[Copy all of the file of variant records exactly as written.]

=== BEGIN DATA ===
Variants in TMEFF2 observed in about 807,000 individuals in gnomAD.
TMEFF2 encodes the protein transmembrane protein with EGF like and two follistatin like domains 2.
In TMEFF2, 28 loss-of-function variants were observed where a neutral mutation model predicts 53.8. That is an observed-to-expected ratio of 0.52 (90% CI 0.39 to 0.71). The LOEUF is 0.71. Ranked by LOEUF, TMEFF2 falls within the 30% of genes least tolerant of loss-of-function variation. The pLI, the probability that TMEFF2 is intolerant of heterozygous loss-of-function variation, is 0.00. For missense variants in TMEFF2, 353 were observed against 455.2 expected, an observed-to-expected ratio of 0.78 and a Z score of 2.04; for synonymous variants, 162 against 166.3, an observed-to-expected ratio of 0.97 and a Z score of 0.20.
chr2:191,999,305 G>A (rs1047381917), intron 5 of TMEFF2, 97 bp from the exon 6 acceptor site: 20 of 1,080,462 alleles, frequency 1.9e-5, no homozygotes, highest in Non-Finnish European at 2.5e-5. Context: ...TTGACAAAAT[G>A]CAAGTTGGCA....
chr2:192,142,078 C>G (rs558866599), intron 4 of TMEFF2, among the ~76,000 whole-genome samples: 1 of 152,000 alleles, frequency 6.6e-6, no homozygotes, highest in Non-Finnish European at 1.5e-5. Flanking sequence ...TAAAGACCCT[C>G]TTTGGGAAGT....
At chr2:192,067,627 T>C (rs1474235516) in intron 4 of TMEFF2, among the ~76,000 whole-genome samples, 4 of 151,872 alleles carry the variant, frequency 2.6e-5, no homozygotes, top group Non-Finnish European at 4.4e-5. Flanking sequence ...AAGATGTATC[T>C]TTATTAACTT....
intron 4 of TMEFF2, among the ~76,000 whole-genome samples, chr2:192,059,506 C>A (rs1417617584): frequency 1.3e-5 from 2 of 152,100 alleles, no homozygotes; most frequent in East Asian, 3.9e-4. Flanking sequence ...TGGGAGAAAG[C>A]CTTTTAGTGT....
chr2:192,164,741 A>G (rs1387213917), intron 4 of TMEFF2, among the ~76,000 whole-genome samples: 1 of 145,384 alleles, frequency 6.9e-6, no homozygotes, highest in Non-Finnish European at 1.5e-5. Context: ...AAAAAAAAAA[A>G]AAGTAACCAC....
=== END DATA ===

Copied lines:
Variants in TMEFF2 observed in about 807,000 individuals in gnomAD.
TMEFF2 encodes the protein transmembrane protein with EGF like and two follistatin like domains 2.
In TMEFF2, 28 loss-of-function variants were observed where a neutral mutation model predicts 53.8. That is an observed-to-expected ratio of 0.52 (90% CI 0.39 to 0.71). The LOEUF is 0.71. Ranked by LOEUF, TMEFF2 falls within the 30% of genes least tolerant of loss-of-function variation. The pLI, the probability that TMEFF2 is intolerant of heterozygous loss-of-function variation, is 0.00. For missense variants in TMEFF2, 353 were observed against 455.2 expected, an observed-to-expected ratio of 0.78 and a Z score of 2.04; for synonymous variants, 162 against 166.3, an observed-to-expected ratio of 0.97 and a Z score of 0.20.
chr2:191,999,305 G>A (rs1047381917), intron 5 of TMEFF2, 97 bp from the exon 6 acceptor site: 20 of 1,080,462 alleles, frequency 1.9e-5, no homozygotes, highest in Non-Finnish European at 2.5e-5. Context: ...TTGACAAAAT[G>A]CAAGTTGGCA....
chr2:192,142,078 C>G (rs558866599), intron 4 of TMEFF2, among the ~76,000 whole-genome samples: 1 of 152,000 alleles, frequency 6.6e-6, no homozygotes, highest in Non-Finnish European at 1.5e-5. Flanking sequence ...TAAAGACCCT[C>G]TTTGGGAAGT....
At chr2:192,067,627 T>C (rs1474235516) in intron 4 of TMEFF2, among the ~76,000 whole-genome samples, 4 of 151,872 alleles carry the variant, frequency 2.6e-5, no homozygotes, top group Non-Finnish European at 4.4e-5. Flanking sequence ...AAGATGTATC[T>C]TTATTAACTT....
intron 4 of TMEFF2, among the ~76,000 whole-genome samples, chr2:192,059,506 C>A (rs1417617584): frequency 1.3e-5 from 2 of 152,100 alleles, no homozygotes; most frequent in East Asian, 3.9e-4. Flanking sequence ...TGGGAGAAAG[C>A]CTTTTAGTGT....
chr2:192,164,741 A>G (rs1387213917), intron 4 of TMEFF2, among the ~76,000 whole-genome samples: 1 of 145,384 alleles, frequency 6.9e-6, no homozygotes, highest in Non-Finnish European at 1.5e-5. Context: ...AAAAAAAAAA[A>G]AAGTAACCAC....